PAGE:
From the age of 15, 1 in 4 women and 1 in 8 men in Australia have experienced violence by an intimate partner or family member.

In NSW, there are around 2,500 reports of domestic violence to the police every month.

Last year, there were 36,072 incidents of domestic violence related assault and 19 domestic violence related murders of women and children in the state.

Aboriginal women and children are also over-represented as victim-survivors of family violence.

The NPA 2023-25 includes:

  • $25.6 million for response, recovery and healing initiatives
  • $15.9 million for early intervention initiatives
  • $6.3 million for workforce and sector capability building

Funding under the 2023-25 NPA will be put towards projects that help to achieve Target 13 of the National Agreement on Closing the Gap: to cut the rate of family violence and abuse against Aboriginal and Torres Strait Islander women and children by 50 per cent by 2031. This round of funding will invest in vital, culturally appropriate services to Aboriginal women and children.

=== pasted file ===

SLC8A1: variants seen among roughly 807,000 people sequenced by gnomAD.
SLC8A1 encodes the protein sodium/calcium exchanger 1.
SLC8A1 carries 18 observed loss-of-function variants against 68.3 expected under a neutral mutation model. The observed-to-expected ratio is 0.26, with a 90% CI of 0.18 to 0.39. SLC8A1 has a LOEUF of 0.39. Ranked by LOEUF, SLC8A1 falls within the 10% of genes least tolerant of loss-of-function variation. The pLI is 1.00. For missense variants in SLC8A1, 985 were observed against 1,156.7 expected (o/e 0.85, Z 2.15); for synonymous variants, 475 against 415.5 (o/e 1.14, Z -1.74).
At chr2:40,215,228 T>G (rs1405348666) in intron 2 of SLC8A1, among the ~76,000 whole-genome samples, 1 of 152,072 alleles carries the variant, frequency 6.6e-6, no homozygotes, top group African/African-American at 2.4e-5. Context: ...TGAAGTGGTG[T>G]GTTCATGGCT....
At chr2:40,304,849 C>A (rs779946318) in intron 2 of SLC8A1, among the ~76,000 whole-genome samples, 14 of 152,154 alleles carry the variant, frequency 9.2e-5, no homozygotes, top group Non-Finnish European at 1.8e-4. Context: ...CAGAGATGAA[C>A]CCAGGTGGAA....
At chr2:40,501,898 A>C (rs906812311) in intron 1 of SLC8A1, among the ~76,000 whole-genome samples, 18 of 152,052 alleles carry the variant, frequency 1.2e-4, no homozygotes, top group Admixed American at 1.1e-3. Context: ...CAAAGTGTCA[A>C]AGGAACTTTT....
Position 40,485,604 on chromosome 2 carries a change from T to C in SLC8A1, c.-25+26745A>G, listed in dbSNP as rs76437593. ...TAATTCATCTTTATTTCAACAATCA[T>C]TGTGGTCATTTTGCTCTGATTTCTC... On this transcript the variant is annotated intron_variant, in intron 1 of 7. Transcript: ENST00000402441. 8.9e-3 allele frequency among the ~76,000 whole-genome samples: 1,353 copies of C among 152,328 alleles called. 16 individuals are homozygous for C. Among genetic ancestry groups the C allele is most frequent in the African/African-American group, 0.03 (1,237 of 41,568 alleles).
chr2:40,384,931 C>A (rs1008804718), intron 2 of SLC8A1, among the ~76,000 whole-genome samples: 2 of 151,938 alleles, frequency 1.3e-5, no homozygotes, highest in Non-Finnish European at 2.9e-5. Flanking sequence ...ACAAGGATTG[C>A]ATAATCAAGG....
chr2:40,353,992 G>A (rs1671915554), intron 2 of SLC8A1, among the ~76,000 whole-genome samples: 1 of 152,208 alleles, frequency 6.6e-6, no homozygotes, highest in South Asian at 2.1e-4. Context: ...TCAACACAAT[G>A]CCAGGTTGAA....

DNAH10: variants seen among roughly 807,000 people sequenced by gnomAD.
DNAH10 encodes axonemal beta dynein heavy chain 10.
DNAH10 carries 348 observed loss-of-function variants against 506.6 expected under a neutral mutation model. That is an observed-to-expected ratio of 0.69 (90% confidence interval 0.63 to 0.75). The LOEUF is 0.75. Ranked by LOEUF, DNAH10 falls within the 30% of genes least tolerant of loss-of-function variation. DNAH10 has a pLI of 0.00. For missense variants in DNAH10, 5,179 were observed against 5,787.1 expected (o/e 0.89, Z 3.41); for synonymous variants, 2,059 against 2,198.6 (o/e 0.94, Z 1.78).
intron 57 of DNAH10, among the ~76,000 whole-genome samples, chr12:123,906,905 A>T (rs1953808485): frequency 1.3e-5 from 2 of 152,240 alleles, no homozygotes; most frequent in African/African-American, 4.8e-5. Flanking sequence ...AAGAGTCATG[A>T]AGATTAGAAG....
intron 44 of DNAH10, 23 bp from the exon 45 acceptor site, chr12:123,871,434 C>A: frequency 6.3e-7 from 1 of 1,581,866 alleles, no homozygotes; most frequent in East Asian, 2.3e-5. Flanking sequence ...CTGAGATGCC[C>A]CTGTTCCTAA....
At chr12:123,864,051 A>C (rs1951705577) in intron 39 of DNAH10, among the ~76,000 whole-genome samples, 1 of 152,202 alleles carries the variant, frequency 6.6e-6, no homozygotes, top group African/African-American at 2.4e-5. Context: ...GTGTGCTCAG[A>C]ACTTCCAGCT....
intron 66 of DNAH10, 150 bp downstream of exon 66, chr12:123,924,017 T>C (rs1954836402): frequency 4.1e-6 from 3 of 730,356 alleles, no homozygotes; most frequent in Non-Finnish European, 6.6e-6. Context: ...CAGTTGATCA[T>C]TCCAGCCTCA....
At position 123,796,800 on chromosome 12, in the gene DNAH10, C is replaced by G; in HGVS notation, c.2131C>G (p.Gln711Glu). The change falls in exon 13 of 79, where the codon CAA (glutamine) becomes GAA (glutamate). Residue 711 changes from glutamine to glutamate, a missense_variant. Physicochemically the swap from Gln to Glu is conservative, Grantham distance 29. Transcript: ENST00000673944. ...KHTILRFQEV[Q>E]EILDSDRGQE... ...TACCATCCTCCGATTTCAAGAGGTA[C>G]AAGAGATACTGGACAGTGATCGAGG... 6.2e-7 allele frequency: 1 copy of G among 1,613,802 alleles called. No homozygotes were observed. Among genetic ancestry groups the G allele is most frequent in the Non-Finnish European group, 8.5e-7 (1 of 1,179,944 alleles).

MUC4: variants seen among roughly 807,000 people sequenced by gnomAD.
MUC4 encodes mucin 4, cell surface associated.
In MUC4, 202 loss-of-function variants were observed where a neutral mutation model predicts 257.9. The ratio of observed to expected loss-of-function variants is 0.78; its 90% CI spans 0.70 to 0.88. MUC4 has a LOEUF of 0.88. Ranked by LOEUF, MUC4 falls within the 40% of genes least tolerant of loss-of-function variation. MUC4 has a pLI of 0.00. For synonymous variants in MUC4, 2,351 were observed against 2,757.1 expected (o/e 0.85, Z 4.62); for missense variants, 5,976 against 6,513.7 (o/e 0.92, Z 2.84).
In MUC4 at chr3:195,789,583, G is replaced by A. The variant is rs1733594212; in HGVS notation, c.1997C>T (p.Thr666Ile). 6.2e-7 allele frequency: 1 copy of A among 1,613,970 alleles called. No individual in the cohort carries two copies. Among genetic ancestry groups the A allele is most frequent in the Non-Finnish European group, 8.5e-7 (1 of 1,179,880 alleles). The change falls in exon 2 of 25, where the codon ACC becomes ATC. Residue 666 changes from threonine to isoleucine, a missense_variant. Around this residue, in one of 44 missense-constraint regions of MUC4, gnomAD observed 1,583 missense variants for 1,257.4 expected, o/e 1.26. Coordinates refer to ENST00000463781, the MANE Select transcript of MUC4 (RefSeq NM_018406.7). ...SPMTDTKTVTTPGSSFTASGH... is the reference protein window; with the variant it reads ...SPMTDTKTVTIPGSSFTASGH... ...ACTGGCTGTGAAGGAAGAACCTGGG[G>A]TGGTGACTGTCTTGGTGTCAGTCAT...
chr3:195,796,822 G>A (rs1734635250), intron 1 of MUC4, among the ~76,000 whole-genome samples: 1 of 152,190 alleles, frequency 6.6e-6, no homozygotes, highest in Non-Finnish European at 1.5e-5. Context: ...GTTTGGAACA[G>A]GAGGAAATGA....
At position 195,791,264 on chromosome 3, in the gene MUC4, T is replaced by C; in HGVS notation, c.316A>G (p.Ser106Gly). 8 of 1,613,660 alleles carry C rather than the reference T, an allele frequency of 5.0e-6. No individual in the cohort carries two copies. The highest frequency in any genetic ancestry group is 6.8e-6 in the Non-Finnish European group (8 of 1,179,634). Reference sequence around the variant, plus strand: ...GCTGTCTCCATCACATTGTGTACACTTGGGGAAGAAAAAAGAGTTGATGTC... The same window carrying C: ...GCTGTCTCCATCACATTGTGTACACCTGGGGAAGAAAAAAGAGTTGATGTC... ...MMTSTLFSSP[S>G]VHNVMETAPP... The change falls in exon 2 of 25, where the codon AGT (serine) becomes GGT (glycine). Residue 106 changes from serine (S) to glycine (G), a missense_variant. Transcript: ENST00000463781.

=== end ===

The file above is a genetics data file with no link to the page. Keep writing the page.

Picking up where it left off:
Workforce capability projects will focus on training specialist frontline DFV workers to identify and respond to the dynamics of coercive control, and activities to support faith, community and sporting leaders when engaging with people who disclose experiences of DFV.

The funding will also continue some grants awarded to DFV service providers that were funded under NPA 2021-2023.

This includes 10 organisations delivering tailored men’s behavioural change programs for Aboriginal people, culturally and linguistically diverse groups, the LGBTQIA+ community, people with cognitive impairment and the Aboriginal Wellbeing and Family Violence Prevention Program in Tamworth.

Youth Justice NSW will receive funding to continue to deliver a range of programs including support services for young people to understand Apprehended Domestic Violence Order (ADVO) conditions, court processes and bail conditions. The funding secures the continuation of DFV Family Workers in key locations across NSW to provide therapeutic and practical support to families and young people, support additional psychologists and improve court resources.

The Commonwealth funding under the NPA will complement the NSW government’s $230 million emergency domestic violence package.

Federal Minister for Social Services Amanda Rishworth said:

“Ending violence against women and children is a national priority shared by all Australian governments.